While crowdsourcing information itself may have merit, it seems to me that every one of these new programs, wherever they may be from, can only survive if Realtors/agents fund them by paying a fee.
Our incomes are being chipped away at before we have even earned it. How long will it take people to realize that the real estate sales pie is not getting that much bigger? By contrast, the number of ways we are being enticed to part with our money is exploding.
Tara hit it out of the park — the article is spot on with regard to what to look for to spot future neighborhood trends.
In Atlanta we have an excellent example of a few urban areas that I work in occasionally and watched a complete renaissance happen in only 10 years, and it is still going strong. I am referring to the In-Town neighborhoods around south Decatur and between Decatur and Atlanta — Oakview, Kirkwood, Edgewood, Lake Claire, Old Fourth Ward and many others.
I watched as these areas transformed from blighted, high-crime and drug-saturated areas to the very hot urban areas they are today with new and rehabbed homes, great restaurants, coffee shops and pubs.
The residents in these areas have a strong sense of community, and I love seeing areas turn around and especially the restoration and preservation of historic homes and building because I am an architecture and historic-building lover. These transformations takes what I call urban pioneers to be the first to move into areas like these in the early stages — that is not something everyone would do, but kudos to the first adventurous individuals who braved it out.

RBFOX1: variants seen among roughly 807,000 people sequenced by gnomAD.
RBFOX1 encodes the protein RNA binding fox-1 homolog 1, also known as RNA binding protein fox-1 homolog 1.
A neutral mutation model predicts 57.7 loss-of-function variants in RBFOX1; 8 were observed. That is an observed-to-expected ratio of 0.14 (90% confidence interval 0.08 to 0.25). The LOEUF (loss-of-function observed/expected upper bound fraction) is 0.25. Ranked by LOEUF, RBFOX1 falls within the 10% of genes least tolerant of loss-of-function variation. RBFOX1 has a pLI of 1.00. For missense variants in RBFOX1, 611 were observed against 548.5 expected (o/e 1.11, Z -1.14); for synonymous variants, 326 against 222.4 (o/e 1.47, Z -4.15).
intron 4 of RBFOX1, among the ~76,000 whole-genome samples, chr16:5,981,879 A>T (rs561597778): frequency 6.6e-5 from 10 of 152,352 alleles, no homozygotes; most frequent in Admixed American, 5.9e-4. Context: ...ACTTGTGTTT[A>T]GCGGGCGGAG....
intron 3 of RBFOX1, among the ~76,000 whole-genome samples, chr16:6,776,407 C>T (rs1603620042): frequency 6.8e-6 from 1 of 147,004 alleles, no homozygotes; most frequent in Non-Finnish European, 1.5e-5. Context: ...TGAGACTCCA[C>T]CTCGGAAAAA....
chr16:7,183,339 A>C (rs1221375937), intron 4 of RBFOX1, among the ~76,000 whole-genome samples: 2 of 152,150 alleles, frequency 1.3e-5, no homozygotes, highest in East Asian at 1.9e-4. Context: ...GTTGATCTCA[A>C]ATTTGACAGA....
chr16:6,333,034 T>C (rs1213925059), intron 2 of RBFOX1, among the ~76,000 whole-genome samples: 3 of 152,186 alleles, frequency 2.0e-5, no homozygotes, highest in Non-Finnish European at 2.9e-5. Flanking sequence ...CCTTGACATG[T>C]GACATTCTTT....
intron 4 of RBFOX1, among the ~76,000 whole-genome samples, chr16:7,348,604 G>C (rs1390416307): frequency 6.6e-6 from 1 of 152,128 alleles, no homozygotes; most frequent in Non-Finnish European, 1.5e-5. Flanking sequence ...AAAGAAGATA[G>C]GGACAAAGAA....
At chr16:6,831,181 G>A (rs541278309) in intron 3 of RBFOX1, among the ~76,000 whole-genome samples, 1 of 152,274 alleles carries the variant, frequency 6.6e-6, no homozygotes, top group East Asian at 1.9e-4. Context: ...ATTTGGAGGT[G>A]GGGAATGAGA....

Building and maintaining relationships is the foundation for being a successful Realtor. While there are some that have had amazing luck and have been in the right place at the right time, this is not a get-rich-quick industry. What we do today might be benefiting us in six months but it’s planting the seed, maintaining your crop and then reaping the benefits at harvest that is the objective. Thanks for the great article Grant!!!
Jim Smoak · Commented on Realtor.com’s new plan to lure homesellers | Inman
We all know the stats on working Internet leads. They’re ok for filling the atrophy or dropouts from your database, but it’s a tough road to travel if you’re relying on them as your sole source of leads or business. With all the churn going on in the portal space, I think it’s critical that agents spend blocked-out time growing and managing their database of contacts that represent their sphere of influence, as that source will provide you with your best leads, and your most cost effective return on your investment.